But no matter how exhausted I was, I was still taking Benadryl to get some rest. I wasn’t going to be any good at my job, to my husband to my friends, unless I rested. When his commercials came on it was a slap to the face. That’s the man that's suing me. I flipped over to Netflix.

If they wanted to chill my speech, they did. I was afraid to post anything in public, or say anything at all about the biggest event in my life.

That weekend I hid in the house and recharged. I was exhausted and stressed with having to choose an attorney, and still worried about losing what little I have. Every morning I woke up and every morning I had the crushing realization I was being sued for a million dollars.

I finally talked to Linda. And things got started.

There really wasn’t a lot for me to do at that point and that really bothered me. I felt like my fate was out of my hands and really, it was.


Being served and sued

(This is a part in a series about my experiences being sued and what the process, legalese, emotions and fear are like. Honestly, even posting this is equally as scary. But I hope it helps someone else who may or may not be in the same position. Finding a lawyer is tough, the emotions are tough, it's all pretty damned hard to deal with. It’s helping me to write about it, as the hearing on the 15th gets closer, it's becoming even realer (is that a word?) than it was when I was initially served. Being sued is truly an existential kind of a thing (as my attorney put it.))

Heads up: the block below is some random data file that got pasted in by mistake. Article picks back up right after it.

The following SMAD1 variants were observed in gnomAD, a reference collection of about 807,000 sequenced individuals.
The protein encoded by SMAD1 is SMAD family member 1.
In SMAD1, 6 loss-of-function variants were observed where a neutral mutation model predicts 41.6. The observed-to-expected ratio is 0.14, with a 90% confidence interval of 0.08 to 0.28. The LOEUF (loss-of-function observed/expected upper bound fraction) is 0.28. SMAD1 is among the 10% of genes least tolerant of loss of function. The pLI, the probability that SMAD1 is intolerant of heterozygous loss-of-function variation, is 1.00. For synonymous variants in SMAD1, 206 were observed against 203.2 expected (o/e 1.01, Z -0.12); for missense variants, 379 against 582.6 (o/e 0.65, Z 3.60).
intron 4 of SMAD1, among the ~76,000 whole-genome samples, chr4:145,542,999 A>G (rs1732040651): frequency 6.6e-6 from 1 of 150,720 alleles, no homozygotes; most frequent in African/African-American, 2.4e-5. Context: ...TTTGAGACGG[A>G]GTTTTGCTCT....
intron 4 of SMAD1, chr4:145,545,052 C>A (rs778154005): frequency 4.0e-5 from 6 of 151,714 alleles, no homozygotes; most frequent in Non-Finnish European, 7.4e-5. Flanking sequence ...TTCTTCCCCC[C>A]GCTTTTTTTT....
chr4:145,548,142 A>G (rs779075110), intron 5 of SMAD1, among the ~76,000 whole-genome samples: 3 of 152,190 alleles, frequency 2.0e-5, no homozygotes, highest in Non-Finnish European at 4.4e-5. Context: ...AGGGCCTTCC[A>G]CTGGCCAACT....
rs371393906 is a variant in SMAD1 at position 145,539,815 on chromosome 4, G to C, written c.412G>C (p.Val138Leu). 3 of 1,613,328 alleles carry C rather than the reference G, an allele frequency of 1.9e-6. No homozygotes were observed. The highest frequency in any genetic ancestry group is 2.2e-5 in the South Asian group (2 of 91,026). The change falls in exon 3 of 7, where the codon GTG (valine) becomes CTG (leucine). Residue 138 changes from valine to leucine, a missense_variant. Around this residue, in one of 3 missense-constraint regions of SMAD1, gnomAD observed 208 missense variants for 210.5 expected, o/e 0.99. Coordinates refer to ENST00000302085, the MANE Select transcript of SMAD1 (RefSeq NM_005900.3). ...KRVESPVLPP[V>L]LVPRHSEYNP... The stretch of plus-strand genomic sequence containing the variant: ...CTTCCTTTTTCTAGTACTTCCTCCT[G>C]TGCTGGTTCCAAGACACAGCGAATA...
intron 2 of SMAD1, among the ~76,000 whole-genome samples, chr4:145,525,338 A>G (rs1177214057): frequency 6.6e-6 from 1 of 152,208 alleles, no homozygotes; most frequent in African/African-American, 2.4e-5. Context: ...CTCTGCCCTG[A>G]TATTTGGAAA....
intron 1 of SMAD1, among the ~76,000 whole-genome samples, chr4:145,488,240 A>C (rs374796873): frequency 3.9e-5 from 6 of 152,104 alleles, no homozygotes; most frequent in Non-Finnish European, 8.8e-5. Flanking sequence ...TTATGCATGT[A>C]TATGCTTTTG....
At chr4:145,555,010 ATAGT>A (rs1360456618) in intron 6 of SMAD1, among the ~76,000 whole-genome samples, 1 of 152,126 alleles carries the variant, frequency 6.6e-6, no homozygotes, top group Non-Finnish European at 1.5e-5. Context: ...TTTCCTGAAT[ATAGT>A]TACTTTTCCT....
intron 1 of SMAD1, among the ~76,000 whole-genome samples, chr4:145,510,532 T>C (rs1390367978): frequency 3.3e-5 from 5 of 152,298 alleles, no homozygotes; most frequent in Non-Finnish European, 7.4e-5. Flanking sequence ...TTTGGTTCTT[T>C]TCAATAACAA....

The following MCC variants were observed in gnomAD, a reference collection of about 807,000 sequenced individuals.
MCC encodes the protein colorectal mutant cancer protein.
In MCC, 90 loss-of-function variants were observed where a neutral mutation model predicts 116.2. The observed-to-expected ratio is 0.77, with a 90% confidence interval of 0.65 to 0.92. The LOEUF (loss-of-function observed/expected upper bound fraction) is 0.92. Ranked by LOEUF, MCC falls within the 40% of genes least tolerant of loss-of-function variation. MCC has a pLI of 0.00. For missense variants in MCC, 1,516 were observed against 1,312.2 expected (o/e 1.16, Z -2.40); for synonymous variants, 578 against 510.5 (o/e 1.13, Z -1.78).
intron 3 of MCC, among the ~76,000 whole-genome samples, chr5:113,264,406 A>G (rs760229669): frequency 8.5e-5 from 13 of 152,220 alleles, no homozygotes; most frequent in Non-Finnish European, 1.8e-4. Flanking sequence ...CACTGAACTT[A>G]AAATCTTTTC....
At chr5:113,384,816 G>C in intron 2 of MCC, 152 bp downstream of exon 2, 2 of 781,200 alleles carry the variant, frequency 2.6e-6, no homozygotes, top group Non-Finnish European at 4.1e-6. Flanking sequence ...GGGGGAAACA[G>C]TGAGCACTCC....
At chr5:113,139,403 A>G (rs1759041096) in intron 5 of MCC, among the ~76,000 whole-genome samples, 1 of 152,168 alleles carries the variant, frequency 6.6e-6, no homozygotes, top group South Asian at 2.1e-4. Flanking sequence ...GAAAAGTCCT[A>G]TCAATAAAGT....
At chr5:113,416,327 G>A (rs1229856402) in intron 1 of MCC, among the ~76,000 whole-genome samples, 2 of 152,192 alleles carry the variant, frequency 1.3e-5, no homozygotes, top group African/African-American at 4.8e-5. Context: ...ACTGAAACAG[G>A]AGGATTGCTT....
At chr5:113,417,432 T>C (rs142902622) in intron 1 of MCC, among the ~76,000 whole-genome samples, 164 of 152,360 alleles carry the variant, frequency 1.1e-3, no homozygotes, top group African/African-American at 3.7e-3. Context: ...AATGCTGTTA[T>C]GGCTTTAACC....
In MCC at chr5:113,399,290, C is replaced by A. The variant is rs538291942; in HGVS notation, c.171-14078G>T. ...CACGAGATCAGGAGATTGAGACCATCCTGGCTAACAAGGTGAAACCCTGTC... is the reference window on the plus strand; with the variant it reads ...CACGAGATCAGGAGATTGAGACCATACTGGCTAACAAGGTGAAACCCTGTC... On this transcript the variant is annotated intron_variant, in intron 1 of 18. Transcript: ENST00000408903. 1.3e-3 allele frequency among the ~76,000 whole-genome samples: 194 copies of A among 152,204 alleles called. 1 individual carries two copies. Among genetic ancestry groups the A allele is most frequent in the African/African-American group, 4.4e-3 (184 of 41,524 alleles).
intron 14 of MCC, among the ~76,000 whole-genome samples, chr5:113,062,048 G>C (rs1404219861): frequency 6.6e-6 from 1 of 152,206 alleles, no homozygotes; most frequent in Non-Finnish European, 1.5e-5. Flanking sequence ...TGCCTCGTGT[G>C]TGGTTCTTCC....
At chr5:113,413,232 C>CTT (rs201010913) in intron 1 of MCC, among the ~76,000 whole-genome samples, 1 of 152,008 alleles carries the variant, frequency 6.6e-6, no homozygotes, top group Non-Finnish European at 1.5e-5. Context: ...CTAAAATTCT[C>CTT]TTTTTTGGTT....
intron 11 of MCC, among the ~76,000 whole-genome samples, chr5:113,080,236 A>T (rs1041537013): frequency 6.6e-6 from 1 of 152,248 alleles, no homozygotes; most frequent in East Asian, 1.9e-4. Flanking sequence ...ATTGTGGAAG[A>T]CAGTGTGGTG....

On July 11th, I was scrambling to get my house in order for a small gathering of friends. Move the shoes, get the chairs, put the chips out in my record player bowl and put together a Philip Glass play list.